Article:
There were some limitations in the present study. Firstly, this was just a radiographic study without evaluating the patients’ clinical cosmesis [37]; meanwhile we only assessed the decompensation in coronal plane. Given the complicated effects of PAR on trunk balance in three-dimension space, it would be difficult to analyze the change of the body balance in coronal plane together with the other planes; so the effects in other planes (i.e., the sagittal plane) and their associations with clinical outcomes would be worth exploring in further studies. The second was the difficulty in the assessment of PAR on posteroanterior radiographs, because the evaluation of PAR on X-ray films would be influenced by the patients’ position. An alternative method was CT scan; however, the patients would take massive doses of radiation and have to take the supine position, which would affect the pelvic natural position. Moreover, the method of the L/R ratio we chose was documented in previous studies [4, 5], and our intra-observer agreement was also good. Therefore, the measurement of PAR on the standing full-length posteroanterior radiographs would not be a perfect, but a practical method to assess the pelvic position.

Conclusions

The clinical phenomenon of pelvic asymmetry in AIS patients on posteroanterior radiographs was probably due to the pelvic axial rotation, which could change in the opposite direction of the corrective derotational load applied to the TL/L spine at 3 months postoperatively, and since then, remains relatively stable. Moreover, TL/L AIS patients with great pelvic axial rotation were probably to have higher risk of coronal decompensation postoperatively.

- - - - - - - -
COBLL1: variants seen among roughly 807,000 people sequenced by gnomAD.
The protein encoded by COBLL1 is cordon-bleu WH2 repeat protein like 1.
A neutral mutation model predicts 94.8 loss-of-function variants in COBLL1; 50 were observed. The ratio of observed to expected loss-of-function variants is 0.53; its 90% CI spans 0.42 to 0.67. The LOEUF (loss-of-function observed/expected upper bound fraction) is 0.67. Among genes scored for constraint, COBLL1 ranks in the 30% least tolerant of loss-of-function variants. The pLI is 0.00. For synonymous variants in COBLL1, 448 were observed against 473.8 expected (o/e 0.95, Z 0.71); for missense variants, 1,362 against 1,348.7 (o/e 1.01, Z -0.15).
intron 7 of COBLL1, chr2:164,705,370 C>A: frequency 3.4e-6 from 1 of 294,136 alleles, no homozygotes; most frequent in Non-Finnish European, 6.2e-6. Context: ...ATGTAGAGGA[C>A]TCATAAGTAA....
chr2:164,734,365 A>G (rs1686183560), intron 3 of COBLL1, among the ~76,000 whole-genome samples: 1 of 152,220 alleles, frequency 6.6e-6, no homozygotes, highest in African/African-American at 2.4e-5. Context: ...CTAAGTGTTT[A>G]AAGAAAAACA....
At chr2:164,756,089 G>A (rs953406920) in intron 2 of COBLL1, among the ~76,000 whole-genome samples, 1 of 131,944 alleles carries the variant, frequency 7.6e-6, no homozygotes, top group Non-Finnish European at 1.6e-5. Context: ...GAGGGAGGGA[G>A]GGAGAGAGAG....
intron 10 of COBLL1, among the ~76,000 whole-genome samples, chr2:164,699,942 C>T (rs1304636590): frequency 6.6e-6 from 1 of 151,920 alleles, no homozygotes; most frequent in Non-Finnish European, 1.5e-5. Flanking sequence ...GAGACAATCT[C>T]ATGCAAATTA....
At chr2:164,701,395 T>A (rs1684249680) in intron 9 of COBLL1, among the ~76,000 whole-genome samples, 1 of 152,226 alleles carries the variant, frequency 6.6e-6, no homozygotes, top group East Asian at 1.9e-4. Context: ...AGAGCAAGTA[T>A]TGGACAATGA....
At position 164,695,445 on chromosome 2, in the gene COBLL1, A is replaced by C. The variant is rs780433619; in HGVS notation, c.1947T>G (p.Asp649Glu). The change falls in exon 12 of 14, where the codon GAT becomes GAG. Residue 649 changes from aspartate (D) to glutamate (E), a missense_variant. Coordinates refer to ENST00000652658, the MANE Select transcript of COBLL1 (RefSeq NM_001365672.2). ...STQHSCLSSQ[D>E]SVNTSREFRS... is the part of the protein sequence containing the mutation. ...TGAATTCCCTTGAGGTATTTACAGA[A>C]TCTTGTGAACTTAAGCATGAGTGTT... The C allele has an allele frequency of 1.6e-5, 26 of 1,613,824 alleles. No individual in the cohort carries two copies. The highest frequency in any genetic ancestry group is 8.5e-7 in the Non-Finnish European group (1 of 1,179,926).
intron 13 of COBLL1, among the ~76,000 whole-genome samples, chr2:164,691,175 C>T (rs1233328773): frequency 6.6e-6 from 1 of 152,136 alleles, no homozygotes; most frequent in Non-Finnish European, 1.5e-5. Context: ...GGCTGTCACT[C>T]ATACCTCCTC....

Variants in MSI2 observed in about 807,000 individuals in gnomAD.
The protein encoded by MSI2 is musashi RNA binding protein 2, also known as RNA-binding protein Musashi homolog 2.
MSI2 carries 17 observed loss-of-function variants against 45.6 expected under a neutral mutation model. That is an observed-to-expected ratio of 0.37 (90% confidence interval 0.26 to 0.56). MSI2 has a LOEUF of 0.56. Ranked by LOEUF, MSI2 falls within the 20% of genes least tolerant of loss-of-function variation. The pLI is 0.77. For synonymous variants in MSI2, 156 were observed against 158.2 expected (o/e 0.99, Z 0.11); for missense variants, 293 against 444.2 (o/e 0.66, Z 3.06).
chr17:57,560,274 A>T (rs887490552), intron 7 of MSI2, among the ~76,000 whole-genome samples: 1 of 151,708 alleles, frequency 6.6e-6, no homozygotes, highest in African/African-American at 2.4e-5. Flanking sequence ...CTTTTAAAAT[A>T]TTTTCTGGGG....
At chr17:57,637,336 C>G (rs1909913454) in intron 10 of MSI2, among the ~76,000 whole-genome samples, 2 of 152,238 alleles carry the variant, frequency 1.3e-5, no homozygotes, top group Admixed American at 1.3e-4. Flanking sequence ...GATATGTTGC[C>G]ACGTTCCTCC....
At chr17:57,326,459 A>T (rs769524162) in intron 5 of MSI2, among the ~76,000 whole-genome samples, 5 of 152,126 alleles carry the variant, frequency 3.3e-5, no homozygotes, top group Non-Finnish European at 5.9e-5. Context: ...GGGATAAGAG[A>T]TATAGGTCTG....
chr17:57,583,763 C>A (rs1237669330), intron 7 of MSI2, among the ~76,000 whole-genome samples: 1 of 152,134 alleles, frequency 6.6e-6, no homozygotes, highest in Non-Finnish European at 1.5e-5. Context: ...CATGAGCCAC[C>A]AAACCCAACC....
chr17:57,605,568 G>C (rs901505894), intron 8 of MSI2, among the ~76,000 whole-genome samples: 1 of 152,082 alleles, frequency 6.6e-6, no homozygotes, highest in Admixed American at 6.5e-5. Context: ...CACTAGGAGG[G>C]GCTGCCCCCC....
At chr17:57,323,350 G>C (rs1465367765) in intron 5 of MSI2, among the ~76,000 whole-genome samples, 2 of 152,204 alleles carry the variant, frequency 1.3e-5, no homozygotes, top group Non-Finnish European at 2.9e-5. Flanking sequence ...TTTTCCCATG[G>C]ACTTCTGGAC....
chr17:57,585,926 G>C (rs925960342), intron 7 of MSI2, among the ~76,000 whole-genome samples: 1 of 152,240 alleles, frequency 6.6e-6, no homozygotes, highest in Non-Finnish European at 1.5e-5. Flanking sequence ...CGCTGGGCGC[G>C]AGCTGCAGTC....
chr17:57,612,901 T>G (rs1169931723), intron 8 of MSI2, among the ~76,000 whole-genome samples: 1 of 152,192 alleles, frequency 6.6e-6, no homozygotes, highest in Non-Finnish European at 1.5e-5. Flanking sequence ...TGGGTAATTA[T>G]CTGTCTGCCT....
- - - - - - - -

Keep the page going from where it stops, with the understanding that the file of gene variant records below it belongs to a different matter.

Acknowledgments

This work was supported by National Natural Science Foundation of China (Grant No. 81101335 and 30901570).

Conflict of interest

None.

References

1. Weinstein SL, Dolan LA, Cheng JC, Danielsson A, Morcuende JA. Adolescent idiopathic scoliosis. Lancet. 2008;371:1527–1537. doi: 10.1016/S0140-6736(08)60658-3. [PubMed] [Cross Ref]
2. Asher MA, Cook LT. The transverse plane evolution of the most common adolescent idiopathic scoliosis deformities. A cross-sectional study of 181 patients. Spine (Phila Pa 1976) 1995;20:1386–1391. [PubMed]
3. Dubousset J. Three dimensional analysis of the scoliotic deformity. In: Weinstein SL, editor. The pediatric spine: principles and practice. New York: Raven Press; 1995. pp. 479–495.
4. Gum JL, Asher MA, Burton DC, Lai SM, Lambart LM. Transverse plane pelvic rotation in adolescent idiopathic scoliosis: primary or compensatory? Eur Spine J. 2007;16:1579–1586. doi: 10.1007/s00586-007-0400-4. [PMC free article] [PubMed] [Cross Ref]
5. Asher MA, Lai SM, Carlson BB, Gum JL, Burton DC. Transverse plane pelvic rotation increase (TPPRI) following rotationally corrective instrumentation of adolescent idiopathic scoliosis double curves. Scoliosis. 2010;5:18. doi: 10.1186/1748-7161-5-18. [PMC free article] [PubMed] [Cross Ref]
6. Karski T. Recent observations in the biomechanical etiology of so-called idiopathic scoliosis. New classification of spinal deformity–I-st, II-nd and III-rd etiopathological groups. Stud Health Technol Inform. 2006;123:473–482. [PubMed]
7. Burwell RG, Aujla RK, Freeman BJ, Dangerfield PH, Cole AA, Kirby AS, Pratt RK, Webb JK, Moulton A. Patterns of extra-spinal left-right skeletal asymmetries and proximo-distal disproportion in adolescent girls with lower spine scoliosis: ilio-femoral length asymmetry & bilateral tibial/foot length disproportion. Stud Health Technol Inform. 2006;123:101–108. [PubMed]